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Writing Project 1: Worth a Thousand Words:  Photographs and the Stories they Tell

Due Tuesday January 30 in class and on Blackboard via Turn It In


During this assignment cycle you will develop skills that move you beyond surface-level responses, question your initial assumptions and stereotypes, and develop rich ideas with productive analytical potential.  You will work on hierarchizing your ideas and composing   strong thesis statements that unify your essays.



Sturken, Marita excerpt from Tangled Memories p19-26 (on Blackboard)

Van Agtmael, Peter “Why Facts Aren’t Always Truths in Photography” Time Magazine


Photo Archives:

Time Magazine  “The Most Influential Images of All Time”

CNN “25 of the Most Iconic Photos”



In our diagnostic we began thinking about the ways the history we were taught is not made up of events fixed in the past; rather, curriculum and standards evolve.  They can be mobilized to support a particularly ideology or shaped to suit a particular interest.  In the curricular controversy described our Springboard essay we read how some critics felt we should teach AP History by valuing the country’s accomplishment and bolstering patriotism so we might motivate students to serve our country’s highest ideals.  Others argued we should critically unearth hypocrisies and reveal the darker side of our nation’s past. The parties in this debate understand that formal education standards and curriculums explicitly shape young minds’ attitude toward the United States.  Yet other, less formal mechanisms educate us about our historical legacy as well.  Visual images elicit powerful responses.  Marita Sturken argues that photographs “offer incomplete but often compelling versions of the past that often eclipse more in-depth historical accounts” (20).  Therefore we must develop skills that enable us to recognize, interpret and critique the way photos teach and communicate.


Writing Task:

Choose an iconic historical image from one of the archives provided. Answer the following prompt in a thesis driven 4-6 page essay:


Points to Consider:

  • Viewers’ responses to images are, of course, not monolithic. Our interpretation of any event, photograph or narrative is filtered through our identity and experiences; a recently arrived refugee will have a very different understanding of a photograph of war or refugees than a comfortably-situated middle class citizen.  So, for the sake of this assignment, our “viewer” can be the typical reader of Time Magazine, who, according to Time’s self-reported demographic material, tends to be a 50+ years of age, college-educated, middle-class American citizen. If you do want to engage with the idea that the typical viewer’s reception is restrictive or limiting, do so at some point in the essay.  It’s not required, but it could offer an evocative angle that complicates your thesis.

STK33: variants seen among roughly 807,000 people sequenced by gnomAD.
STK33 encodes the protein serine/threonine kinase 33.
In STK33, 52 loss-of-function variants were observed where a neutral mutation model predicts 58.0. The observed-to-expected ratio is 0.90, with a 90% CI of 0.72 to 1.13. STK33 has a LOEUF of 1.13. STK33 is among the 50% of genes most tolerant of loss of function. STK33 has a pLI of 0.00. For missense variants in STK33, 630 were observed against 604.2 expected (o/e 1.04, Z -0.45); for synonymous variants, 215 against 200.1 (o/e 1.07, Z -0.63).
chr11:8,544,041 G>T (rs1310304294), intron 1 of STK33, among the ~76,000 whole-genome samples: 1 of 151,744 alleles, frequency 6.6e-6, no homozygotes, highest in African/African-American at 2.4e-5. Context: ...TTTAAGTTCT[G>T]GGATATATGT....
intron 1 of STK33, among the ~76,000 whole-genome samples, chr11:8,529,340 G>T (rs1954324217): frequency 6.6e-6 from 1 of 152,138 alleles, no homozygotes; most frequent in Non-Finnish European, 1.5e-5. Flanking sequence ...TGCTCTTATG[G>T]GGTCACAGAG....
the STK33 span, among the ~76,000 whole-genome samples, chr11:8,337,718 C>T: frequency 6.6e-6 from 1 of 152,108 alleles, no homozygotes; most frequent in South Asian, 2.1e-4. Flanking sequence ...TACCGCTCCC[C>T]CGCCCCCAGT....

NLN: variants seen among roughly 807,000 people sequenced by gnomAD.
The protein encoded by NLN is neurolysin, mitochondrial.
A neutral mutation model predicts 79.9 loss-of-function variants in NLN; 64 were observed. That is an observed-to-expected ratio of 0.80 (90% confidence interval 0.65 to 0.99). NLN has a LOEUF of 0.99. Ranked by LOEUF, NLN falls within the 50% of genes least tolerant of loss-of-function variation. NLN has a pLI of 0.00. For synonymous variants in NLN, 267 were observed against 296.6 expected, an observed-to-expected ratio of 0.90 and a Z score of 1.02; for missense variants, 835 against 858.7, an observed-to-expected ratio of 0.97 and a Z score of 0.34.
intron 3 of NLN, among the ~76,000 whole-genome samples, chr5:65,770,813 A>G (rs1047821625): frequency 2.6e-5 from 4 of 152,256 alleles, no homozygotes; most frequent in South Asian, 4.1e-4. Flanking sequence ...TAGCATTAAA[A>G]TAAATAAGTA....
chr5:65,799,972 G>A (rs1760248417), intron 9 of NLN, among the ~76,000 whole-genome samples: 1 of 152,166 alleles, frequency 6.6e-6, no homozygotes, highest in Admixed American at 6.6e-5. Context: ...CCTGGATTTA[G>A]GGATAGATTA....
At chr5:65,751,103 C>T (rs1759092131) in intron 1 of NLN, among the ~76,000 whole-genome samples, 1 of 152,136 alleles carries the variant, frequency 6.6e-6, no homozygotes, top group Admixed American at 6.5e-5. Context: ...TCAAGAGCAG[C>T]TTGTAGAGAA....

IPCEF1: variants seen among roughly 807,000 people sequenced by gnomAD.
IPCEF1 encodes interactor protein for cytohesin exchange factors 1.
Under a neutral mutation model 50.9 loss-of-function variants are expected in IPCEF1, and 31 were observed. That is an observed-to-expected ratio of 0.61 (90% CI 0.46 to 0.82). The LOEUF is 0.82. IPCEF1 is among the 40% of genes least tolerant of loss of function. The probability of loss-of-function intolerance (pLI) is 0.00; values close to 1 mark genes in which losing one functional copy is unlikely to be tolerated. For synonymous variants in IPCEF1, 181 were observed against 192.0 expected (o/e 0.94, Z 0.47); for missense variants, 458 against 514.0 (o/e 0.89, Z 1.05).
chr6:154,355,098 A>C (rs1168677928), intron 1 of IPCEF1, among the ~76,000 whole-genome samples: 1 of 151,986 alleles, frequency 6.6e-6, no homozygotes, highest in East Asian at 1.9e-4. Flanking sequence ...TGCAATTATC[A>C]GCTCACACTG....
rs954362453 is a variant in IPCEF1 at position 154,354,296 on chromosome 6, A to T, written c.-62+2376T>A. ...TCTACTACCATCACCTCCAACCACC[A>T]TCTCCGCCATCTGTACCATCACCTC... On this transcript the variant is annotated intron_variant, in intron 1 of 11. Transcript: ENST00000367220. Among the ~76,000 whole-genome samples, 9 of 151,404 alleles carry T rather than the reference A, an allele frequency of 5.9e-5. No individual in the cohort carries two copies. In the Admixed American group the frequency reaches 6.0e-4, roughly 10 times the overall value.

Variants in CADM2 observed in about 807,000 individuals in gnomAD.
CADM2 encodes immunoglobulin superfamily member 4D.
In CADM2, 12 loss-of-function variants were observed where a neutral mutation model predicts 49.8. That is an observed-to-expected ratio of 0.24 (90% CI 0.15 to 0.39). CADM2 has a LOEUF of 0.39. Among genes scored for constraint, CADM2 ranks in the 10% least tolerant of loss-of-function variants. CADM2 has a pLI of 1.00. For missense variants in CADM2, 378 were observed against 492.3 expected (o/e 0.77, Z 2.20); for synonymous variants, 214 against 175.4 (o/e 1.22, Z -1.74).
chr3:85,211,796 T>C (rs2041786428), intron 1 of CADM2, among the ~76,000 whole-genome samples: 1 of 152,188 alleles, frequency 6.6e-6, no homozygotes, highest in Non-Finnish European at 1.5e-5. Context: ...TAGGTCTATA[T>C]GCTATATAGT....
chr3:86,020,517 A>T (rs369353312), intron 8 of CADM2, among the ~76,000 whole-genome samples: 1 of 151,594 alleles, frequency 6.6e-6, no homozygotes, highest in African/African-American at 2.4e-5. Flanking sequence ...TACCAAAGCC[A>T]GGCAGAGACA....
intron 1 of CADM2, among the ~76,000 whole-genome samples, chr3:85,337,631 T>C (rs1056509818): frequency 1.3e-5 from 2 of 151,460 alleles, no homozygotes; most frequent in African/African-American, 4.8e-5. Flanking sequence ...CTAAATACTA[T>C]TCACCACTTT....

• Do make sure to have a single and cohesive main point argued throughout your paper. Avoid listing traits and attributes.  Make a claim regarding the image’s overall attitude toward its historical subject.  Offer evidence from the image and explain how that evidence supports your claim.  How does your image’s composition work to communicate a message?


  • If you’re not entirely clear on the historical context of the photograph, do a bit of research. Do not do copious research, and cite it at length in your paper.  Just read around enough to acquire a bit of familiarity with the historical moment and its context.  Or conversely, choose another image with a context you’re more familiar with.


  • Pick apart the image. What does it focus on?  What grabs the viewers’ attention?  What is foregrounded?  What is in the background? Who is its audience?  If it’s in color, look at the color composition.  Examine the details as well.  Remember that while photographs seem to be factual representations of a historical moment, they are not an unmediated reflection.  They are both composed and curated.  Even in the days before digital photography, photojournalists still had editing tools at their disposal and hundreds of proofs to choose from.


  • Time Magazine and / or CNN have designated this photo to be “iconic.”  What do you think that means?  Spend some time reflecting on why this photograph is “iconic.”


  • Consider complexity. If there are aspects of your photograph that don’t fit within your overall argument or work against the message, attend to them as well.  Don’t gloss over, avoid, or overlook these complexities.


  • Do take care not to simply repeat the material / evaluation / assessment that Time or CNN have provided as background information.


Details:  This essay should be typed with one-inch margins in 12-point Times New Roman Font, double-spaced, stapled and have an original title.  Your essay and all of your pre-writing materials (including your image) need to be turned in at the beginning of class on 1/30 in a two-pocket folder.  Your essay also needs to be submitted electronically to Turn It In (via Blackboard) before class.

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